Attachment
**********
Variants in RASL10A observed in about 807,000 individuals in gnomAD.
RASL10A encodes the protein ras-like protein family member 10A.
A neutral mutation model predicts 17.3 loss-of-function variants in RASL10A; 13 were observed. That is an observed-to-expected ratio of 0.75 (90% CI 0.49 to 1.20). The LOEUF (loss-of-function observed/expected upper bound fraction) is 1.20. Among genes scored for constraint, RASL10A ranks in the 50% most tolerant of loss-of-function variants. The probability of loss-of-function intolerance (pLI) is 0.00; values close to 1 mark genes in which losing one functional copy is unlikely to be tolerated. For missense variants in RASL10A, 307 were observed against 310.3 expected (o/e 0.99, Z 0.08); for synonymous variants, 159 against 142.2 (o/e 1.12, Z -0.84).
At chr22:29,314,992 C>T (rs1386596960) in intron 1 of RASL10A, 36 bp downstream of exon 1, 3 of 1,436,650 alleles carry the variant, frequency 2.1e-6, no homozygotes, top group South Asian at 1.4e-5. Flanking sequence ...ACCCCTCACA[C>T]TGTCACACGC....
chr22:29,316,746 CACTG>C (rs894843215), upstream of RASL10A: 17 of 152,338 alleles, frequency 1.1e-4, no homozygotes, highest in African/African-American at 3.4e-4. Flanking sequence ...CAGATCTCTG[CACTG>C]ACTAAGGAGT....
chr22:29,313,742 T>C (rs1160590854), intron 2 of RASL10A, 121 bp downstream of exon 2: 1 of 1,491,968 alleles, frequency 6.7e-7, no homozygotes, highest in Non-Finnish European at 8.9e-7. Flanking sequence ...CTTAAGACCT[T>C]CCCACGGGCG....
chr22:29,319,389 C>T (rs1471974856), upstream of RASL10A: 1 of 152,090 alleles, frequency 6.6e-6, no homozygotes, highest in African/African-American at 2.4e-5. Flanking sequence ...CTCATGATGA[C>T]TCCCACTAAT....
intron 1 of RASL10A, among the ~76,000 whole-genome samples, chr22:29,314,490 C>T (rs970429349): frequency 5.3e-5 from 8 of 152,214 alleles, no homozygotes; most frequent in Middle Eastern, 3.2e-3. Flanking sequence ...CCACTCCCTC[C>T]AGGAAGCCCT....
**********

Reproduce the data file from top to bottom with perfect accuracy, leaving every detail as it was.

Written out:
Variants in RASL10A observed in about 807,000 individuals in gnomAD.
RASL10A encodes the protein ras-like protein family member 10A.
A neutral mutation model predicts 17.3 loss-of-function variants in RASL10A; 13 were observed. That is an observed-to-expected ratio of 0.75 (90% CI 0.49 to 1.20). The LOEUF (loss-of-function observed/expected upper bound fraction) is 1.20. Among genes scored for constraint, RASL10A ranks in the 50% most tolerant of loss-of-function variants. The probability of loss-of-function intolerance (pLI) is 0.00; values close to 1 mark genes in which losing one functional copy is unlikely to be tolerated. For missense variants in RASL10A, 307 were observed against 310.3 expected (o/e 0.99, Z 0.08); for synonymous variants, 159 against 142.2 (o/e 1.12, Z -0.84).
At chr22:29,314,992 C>T (rs1386596960) in intron 1 of RASL10A, 36 bp downstream of exon 1, 3 of 1,436,650 alleles carry the variant, frequency 2.1e-6, no homozygotes, top group South Asian at 1.4e-5. Flanking sequence ...ACCCCTCACA[C>T]TGTCACACGC....
chr22:29,316,746 CACTG>C (rs894843215), upstream of RASL10A: 17 of 152,338 alleles, frequency 1.1e-4, no homozygotes, highest in African/African-American at 3.4e-4. Flanking sequence ...CAGATCTCTG[CACTG>C]ACTAAGGAGT....
chr22:29,313,742 T>C (rs1160590854), intron 2 of RASL10A, 121 bp downstream of exon 2: 1 of 1,491,968 alleles, frequency 6.7e-7, no homozygotes, highest in Non-Finnish European at 8.9e-7. Flanking sequence ...CTTAAGACCT[T>C]CCCACGGGCG....
chr22:29,319,389 C>T (rs1471974856), upstream of RASL10A: 1 of 152,090 alleles, frequency 6.6e-6, no homozygotes, highest in African/African-American at 2.4e-5. Flanking sequence ...CTCATGATGA[C>T]TCCCACTAAT....
intron 1 of RASL10A, among the ~76,000 whole-genome samples, chr22:29,314,490 C>T (rs970429349): frequency 5.3e-5 from 8 of 152,214 alleles, no homozygotes; most frequent in Middle Eastern, 3.2e-3. Flanking sequence ...CCACTCCCTC[C>T]AGGAAGCCCT....